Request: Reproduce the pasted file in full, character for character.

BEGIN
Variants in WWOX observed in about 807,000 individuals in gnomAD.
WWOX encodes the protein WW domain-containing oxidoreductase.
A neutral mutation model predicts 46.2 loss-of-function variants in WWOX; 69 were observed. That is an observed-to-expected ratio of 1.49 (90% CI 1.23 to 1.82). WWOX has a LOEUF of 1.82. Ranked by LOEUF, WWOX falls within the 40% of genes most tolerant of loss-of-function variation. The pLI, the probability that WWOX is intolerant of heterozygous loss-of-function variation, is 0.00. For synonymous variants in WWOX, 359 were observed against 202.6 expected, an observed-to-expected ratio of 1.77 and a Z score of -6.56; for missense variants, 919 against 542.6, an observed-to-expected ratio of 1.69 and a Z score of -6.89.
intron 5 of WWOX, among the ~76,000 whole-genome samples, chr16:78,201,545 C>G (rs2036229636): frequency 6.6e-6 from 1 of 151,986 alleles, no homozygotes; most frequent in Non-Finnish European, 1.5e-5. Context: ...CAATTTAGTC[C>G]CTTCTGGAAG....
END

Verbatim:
Variants in WWOX observed in about 807,000 individuals in gnomAD.
WWOX encodes the protein WW domain-containing oxidoreductase.
A neutral mutation model predicts 46.2 loss-of-function variants in WWOX; 69 were observed. That is an observed-to-expected ratio of 1.49 (90% CI 1.23 to 1.82). WWOX has a LOEUF of 1.82. Ranked by LOEUF, WWOX falls within the 40% of genes most tolerant of loss-of-function variation. The pLI, the probability that WWOX is intolerant of heterozygous loss-of-function variation, is 0.00. For synonymous variants in WWOX, 359 were observed against 202.6 expected, an observed-to-expected ratio of 1.77 and a Z score of -6.56; for missense variants, 919 against 542.6, an observed-to-expected ratio of 1.69 and a Z score of -6.89.
intron 5 of WWOX, among the ~76,000 whole-genome samples, chr16:78,201,545 C>G (rs2036229636): frequency 6.6e-6 from 1 of 151,986 alleles, no homozygotes; most frequent in Non-Finnish European, 1.5e-5. Context: ...CAATTTAGTC[C>G]CTTCTGGAAG....